Prosperity, security, stability: with such benefits, it is clear that there is no imminent danger of a demotion in the rank of the United States in Gulf capitals. However, three elements of the Obama administration foreign policy have created serious concern in these capitals.
Washington’s “Pivot to Asia”, in this and subsequent designations, was understood across the Middle East as not really focused on Asia; it is instead a “Pivot away from the Middle East”, a motion to complete the US abdication of its prior commitments in the wider region. Such a shift has been detected in the transfer of resources from Iraq to Afghanistan, as well in the uncertain reaction to the “Arab Spring” (when long time US allies were eventually abandoned) scenes, and in the little effort made on the Israeli-Palestinian conflict. While proven, in some of its aspects, either untenable or over-stated, the withdrawal policy of the Obama administration was all too real in Iraq, leaving the precarious country vulnerable to consolidated Iranian control, to the detriment of both US and Gulf interests. An opinion circulating across the region thus assigns to the Obama administration the willingness to sacrifice objective interests if needed or suitable for domestic US considerations.
Far more damaging than the fear of growing US indifference in international affairs is the nagging suggestion that the Obama administration is willing to engage in a “Grand Bargain” with Iran, through which its role as the region’s hegemon would be effectively recognized in exchange for a less hostile posture and an abandonment of its military nuclear ambitions. Despite the repeated assertions of Gulf leaders, the White House, it seems, is unconvinced that Iran would default on its part of such a bargain, and is still unrealistically engaged in a stick-and-carrot approach to presumably steer Tehran in a suitable direction. While generally not in favor of an outright strike – leading to unintended and unexpected consequences – Gulf leaders have advocated, so far unsuccessfully, a further increase of pressure on Iran, while deploring Washington’s seeming willingness to explore dialogue with the new Iranian leadership
Nowhere is the disagreement with the Obama administration more visible than on the Syrian question. Gulf capitals have realized that the United States does not share their sense of urgency in ending the festering of a crisis that is incubating region-wide threats. In what is assessed as a preventive action, both Saudi Arabia and Qatar have dedicated massive funds to counter the Iranian commitment to insure as much longevity for the Damascus regime. While this investment has so far failed in yielding the desired result, it has itself empowered radical militants with dire implications for the whole region.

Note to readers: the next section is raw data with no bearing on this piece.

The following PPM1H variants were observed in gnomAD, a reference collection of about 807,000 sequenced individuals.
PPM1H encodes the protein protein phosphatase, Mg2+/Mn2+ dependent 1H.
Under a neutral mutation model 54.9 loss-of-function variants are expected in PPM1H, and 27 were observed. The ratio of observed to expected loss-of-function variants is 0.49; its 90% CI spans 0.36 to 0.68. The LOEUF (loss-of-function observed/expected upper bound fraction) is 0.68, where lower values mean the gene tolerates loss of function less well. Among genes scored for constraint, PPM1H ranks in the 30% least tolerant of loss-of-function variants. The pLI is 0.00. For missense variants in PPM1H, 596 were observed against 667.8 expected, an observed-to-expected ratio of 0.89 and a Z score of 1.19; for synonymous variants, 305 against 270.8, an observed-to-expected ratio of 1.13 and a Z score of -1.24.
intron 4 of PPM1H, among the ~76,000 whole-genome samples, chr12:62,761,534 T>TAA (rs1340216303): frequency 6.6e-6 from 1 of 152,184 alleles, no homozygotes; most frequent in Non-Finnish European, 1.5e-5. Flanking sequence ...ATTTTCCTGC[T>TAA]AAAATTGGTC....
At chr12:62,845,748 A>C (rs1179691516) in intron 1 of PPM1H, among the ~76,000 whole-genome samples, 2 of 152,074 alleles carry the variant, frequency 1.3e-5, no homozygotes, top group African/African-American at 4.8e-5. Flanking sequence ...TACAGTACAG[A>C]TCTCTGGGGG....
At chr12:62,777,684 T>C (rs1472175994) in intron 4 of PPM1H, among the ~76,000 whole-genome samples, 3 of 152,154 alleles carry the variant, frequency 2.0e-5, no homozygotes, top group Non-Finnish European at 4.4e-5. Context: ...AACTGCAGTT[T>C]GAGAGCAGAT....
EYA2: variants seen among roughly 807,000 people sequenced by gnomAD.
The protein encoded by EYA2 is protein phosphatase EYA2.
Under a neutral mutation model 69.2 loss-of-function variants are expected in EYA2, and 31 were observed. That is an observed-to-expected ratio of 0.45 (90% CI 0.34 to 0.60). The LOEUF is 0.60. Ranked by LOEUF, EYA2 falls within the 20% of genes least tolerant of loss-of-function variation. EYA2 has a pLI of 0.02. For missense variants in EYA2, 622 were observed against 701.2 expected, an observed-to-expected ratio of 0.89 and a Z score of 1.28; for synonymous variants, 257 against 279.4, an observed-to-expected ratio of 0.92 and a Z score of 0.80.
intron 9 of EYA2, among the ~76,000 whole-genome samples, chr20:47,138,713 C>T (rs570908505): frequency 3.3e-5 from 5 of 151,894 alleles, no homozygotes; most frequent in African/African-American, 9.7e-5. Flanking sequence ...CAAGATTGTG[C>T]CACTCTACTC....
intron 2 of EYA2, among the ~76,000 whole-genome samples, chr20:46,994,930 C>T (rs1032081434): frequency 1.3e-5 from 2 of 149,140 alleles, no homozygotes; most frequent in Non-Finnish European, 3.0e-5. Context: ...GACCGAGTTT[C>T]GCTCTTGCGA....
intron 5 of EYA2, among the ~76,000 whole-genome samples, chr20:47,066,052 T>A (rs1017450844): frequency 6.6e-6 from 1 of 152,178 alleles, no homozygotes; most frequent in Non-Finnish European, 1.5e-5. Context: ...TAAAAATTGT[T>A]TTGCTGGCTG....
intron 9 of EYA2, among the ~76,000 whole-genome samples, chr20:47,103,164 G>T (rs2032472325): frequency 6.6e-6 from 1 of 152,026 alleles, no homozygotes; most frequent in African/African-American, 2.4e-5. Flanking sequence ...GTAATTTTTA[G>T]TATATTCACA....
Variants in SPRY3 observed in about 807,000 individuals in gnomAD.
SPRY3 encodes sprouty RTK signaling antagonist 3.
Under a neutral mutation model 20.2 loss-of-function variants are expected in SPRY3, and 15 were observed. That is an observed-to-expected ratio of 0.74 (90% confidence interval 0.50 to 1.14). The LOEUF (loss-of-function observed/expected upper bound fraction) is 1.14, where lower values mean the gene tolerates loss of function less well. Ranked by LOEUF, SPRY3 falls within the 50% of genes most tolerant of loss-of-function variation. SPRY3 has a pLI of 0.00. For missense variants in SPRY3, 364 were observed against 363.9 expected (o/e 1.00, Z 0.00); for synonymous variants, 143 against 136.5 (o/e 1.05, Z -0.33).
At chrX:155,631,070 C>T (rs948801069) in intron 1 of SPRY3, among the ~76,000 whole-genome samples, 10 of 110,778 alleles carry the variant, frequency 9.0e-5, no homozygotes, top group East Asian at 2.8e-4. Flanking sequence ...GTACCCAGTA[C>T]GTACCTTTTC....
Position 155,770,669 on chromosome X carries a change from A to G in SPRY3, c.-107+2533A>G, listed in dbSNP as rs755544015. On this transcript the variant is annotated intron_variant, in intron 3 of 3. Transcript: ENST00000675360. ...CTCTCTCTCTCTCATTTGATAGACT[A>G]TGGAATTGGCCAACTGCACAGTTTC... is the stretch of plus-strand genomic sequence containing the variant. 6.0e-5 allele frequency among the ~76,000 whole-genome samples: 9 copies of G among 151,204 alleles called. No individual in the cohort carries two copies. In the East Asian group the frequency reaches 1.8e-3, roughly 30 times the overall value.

The fact is, however, that GCC decision makers lack any meaningful alternative to their strategic reliance on Washington, and that the US “formula” of mutual benefits remains valid. Even if Europe, East Asia, or China, were able to elevate their association with the Gulf to maintain its development trajectory, no international power is in a position to offer the security and stability that the United States has and continues to deliver. It is a position of strategic dependence that many in the Gulf are vocally lamenting. In reality, for all the significant changes currently underway, the security framework has not completely changed, and in fact to assume otherwise would lead to dangerous decisions on all sides.
The United States may indeed achieve the promised energy independence, and may even, jointly with Canada, outpace the Middle East as an energy exporter. This, however, will take time to achieve. From a Gulf perspective, the growing US indifference seems to suggest that Washington is acting as if energy independence is a current reality, and that the Gulf is of little strategic consequence. It may indeed be argued that President Obama is merely applying his cautious calculus of the cost of the various options, and has not abandoned the long-standing US commitment to the Gulf. The lack of convincing clarity on Iran and Syria, however, has encouraged Gulf powers to engage in tactical adventurism – in their support of questionable elements – to balance what they see as a regional order tilting against their favor. Only the United States, in actions as well as in words, is in a position to convince them otherwise.